Parents Petition to Retain QASMT in Toowong in New Primary School Debate

Parents of students attending Queensland Academy for Science (QASMT) in Toowong do not support the proposal to merge with and move the school to Coorparoo Secondary College, amidst the search for an ideal location to build a new primary school in Brisbane’s west.

Education Queensland is considering this option for its space versus the student population. If QASMT moves to Coorparoo, the Toowong site would be refitted and redeveloped to accommodate the new primary school. Some 1,500 students in QASMT whilst fewer than 400 students in Coorparoo Secondary College will be affected by this merger.

But QASMT P and C President Winand D’Souza said in the radio program 4BC said that they “want to keep it where it is” as the move and merger will not be beneficial to most of the students. 

Mr D’Souza said that the State Government has just spent $33 million of ratepayers’ money on QASMT’s expansion and upgrades with top-notch and state-of-the-art science and math facilities. The improvements have sealed the school’s reputation as the “STEM flagship state school specifically for high performing Queensland students.”

“It is important not to disrupt what we’re trying to do [for the kids] by keeping the school where it is.”

Photo Credit: Google Maps
Photo Credit: Google Maps

Following the community meeting on 15 March 2021, Education Queensland representative Helen Kenworthy reiterated the need for a new primary school in the westside to address the overcapacity in Indooroopilly State School and Ironside State School. However, the parents said QASMT will not be a good location for families with kids going to these two schools. 

This isn’t the first instance QASMT’s move and the merger has been brought to the table. A councillor also suggested merging the school with the University of Queensland but the parents held their ground and insisted that the STEM-focused school has to remain in Toowong. 

There were also suggestions to build the school at the former Toowong Bowls Club on Gailey Road in Taringa but Ms Kenworthy said there could be some restrictions on the use of the land as it was a gift to the community from the Perrin family.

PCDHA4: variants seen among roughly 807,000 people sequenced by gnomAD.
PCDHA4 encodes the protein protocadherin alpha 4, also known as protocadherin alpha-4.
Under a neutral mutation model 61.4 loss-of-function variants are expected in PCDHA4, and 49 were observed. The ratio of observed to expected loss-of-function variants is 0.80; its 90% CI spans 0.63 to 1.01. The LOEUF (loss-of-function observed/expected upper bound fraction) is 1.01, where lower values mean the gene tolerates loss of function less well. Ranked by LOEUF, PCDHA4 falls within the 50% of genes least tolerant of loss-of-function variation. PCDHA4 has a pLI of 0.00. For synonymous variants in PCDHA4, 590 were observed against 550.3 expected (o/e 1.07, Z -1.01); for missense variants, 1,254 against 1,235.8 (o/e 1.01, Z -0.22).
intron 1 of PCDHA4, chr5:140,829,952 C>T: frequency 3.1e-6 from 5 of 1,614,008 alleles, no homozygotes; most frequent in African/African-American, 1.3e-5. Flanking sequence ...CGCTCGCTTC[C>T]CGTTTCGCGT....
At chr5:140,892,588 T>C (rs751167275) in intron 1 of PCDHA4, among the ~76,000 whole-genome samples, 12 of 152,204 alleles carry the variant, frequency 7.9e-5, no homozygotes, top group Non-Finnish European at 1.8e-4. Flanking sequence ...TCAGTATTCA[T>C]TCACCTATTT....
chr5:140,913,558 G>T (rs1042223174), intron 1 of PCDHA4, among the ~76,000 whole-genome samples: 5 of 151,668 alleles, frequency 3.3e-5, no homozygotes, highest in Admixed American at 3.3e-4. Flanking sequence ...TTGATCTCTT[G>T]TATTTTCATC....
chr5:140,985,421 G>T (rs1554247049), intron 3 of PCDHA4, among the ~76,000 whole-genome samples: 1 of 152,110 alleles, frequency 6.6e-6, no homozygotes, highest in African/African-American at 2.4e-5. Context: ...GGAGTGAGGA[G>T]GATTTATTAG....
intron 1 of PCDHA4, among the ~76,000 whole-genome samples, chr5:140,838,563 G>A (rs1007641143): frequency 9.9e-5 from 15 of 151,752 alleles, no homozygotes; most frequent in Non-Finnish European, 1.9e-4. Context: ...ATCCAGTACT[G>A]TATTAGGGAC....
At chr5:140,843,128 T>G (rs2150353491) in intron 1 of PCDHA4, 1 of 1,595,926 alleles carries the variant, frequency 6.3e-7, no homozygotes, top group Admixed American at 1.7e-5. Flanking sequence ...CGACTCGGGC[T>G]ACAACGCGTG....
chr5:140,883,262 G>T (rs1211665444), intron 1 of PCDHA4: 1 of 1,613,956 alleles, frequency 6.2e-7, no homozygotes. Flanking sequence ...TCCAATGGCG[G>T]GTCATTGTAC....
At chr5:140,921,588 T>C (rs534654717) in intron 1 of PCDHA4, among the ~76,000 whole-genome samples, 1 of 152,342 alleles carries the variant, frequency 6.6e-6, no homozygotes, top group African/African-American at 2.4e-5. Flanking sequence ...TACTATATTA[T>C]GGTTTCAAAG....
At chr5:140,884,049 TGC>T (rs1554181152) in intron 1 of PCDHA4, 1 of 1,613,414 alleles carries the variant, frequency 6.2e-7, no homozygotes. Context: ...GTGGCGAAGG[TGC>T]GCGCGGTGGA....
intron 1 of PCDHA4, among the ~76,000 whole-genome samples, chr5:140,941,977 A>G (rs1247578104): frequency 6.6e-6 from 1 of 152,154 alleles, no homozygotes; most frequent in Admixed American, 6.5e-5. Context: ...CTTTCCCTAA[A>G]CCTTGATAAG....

Meanwhile, Mr D’Souza opened a signature campaign addressing the parliament to retain QASMT in its current location. The petition has drawn over 3,500 signatures as of press time and will remain open until 18 April 2021. 

Mistakenly Thrown Textbooks From Toowong School Will Find Their New Homes In Charities

Toowong’s Queensland Academy for Science, Maths and Technology finally released a statement after ‘mistakenly’ dumping quality textbooks and causing some members of the community to raise concerns. 

One of the people who expressed their disappointment is LNP education spokesman Dr Christian Rowan who said  there must be a better way of providing the books to disadvantaged students or those who need access to educational resources rather than dumping them.

Dr Rowan, who is also the Shadow Minister for Education and Shadow Minister for the Arts, reiterated the huge financial expense of compiling these significant educational resources. 

Regarding the matter, a spokesperson from the school said those books were originally offered to staff, students, and local International Baccalaureate schools. A significant number of books were accepted but because of a miscommunication between staff, the remaining books were placed outside rather than offered to charities as originally intended.

Queensland Academy for Science, Maths and Technology assured the books have been removed from the bin and will be repackaged for distribution to charities.

Where You Can Donate Books 

Photo credit: communication-76/Pixabay

There are many organisations in Australia that accept book donations and send them over to those who might need them. The Aboriginal Literacy Foundation is one of the organisations that appreciates all donations of new and used children’s books. The books are delivered to Indigenous communities throughout Australia that desperately need help.

Then there’s Share-a-book, a program run by the Australian Literacy and Numeracy Foundation, that provides new and quality pre-loved books to Indigenous, refugee and marginalised communities in need of resources.

For further information on where to find organisations which donate books, visit the National Library of Australia.